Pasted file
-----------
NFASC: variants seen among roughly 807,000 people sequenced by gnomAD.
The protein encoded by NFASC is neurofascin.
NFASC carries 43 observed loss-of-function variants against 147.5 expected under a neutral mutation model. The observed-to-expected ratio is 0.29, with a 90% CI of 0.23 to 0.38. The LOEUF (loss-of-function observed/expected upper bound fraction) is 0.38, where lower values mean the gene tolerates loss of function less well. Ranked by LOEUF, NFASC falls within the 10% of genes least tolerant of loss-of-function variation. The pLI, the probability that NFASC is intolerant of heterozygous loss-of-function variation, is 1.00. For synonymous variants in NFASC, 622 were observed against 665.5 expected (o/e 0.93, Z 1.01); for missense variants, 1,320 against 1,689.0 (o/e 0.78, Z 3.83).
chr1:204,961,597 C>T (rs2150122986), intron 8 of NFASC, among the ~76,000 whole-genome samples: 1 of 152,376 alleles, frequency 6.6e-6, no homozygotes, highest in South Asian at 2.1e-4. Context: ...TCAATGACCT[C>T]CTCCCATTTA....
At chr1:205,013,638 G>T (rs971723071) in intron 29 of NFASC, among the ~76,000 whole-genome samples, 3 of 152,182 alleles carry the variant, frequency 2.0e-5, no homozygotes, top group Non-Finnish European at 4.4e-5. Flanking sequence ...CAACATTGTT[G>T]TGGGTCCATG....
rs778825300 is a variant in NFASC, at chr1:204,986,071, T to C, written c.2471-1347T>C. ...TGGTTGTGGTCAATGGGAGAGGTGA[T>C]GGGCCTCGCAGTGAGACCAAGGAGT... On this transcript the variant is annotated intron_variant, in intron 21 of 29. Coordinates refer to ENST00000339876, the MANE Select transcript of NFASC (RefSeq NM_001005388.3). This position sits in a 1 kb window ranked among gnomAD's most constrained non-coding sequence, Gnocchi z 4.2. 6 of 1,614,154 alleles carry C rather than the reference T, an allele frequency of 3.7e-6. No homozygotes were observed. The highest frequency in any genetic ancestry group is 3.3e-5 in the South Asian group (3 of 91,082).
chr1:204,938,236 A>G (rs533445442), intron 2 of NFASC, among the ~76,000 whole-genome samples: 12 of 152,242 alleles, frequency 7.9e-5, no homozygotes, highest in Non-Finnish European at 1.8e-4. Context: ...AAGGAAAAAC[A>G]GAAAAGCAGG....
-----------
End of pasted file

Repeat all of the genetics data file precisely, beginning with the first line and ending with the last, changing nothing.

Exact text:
NFASC: variants seen among roughly 807,000 people sequenced by gnomAD.
The protein encoded by NFASC is neurofascin.
NFASC carries 43 observed loss-of-function variants against 147.5 expected under a neutral mutation model. The observed-to-expected ratio is 0.29, with a 90% CI of 0.23 to 0.38. The LOEUF (loss-of-function observed/expected upper bound fraction) is 0.38, where lower values mean the gene tolerates loss of function less well. Ranked by LOEUF, NFASC falls within the 10% of genes least tolerant of loss-of-function variation. The pLI, the probability that NFASC is intolerant of heterozygous loss-of-function variation, is 1.00. For synonymous variants in NFASC, 622 were observed against 665.5 expected (o/e 0.93, Z 1.01); for missense variants, 1,320 against 1,689.0 (o/e 0.78, Z 3.83).
chr1:204,961,597 C>T (rs2150122986), intron 8 of NFASC, among the ~76,000 whole-genome samples: 1 of 152,376 alleles, frequency 6.6e-6, no homozygotes, highest in South Asian at 2.1e-4. Context: ...TCAATGACCT[C>T]CTCCCATTTA....
At chr1:205,013,638 G>T (rs971723071) in intron 29 of NFASC, among the ~76,000 whole-genome samples, 3 of 152,182 alleles carry the variant, frequency 2.0e-5, no homozygotes, top group Non-Finnish European at 4.4e-5. Flanking sequence ...CAACATTGTT[G>T]TGGGTCCATG....
rs778825300 is a variant in NFASC, at chr1:204,986,071, T to C, written c.2471-1347T>C. ...TGGTTGTGGTCAATGGGAGAGGTGA[T>C]GGGCCTCGCAGTGAGACCAAGGAGT... On this transcript the variant is annotated intron_variant, in intron 21 of 29. Coordinates refer to ENST00000339876, the MANE Select transcript of NFASC (RefSeq NM_001005388.3). This position sits in a 1 kb window ranked among gnomAD's most constrained non-coding sequence, Gnocchi z 4.2. 6 of 1,614,154 alleles carry C rather than the reference T, an allele frequency of 3.7e-6. No homozygotes were observed. The highest frequency in any genetic ancestry group is 3.3e-5 in the South Asian group (3 of 91,082).
chr1:204,938,236 A>G (rs533445442), intron 2 of NFASC, among the ~76,000 whole-genome samples: 12 of 152,242 alleles, frequency 7.9e-5, no homozygotes, highest in Non-Finnish European at 1.8e-4. Context: ...AAGGAAAAAC[A>G]GAAAAGCAGG....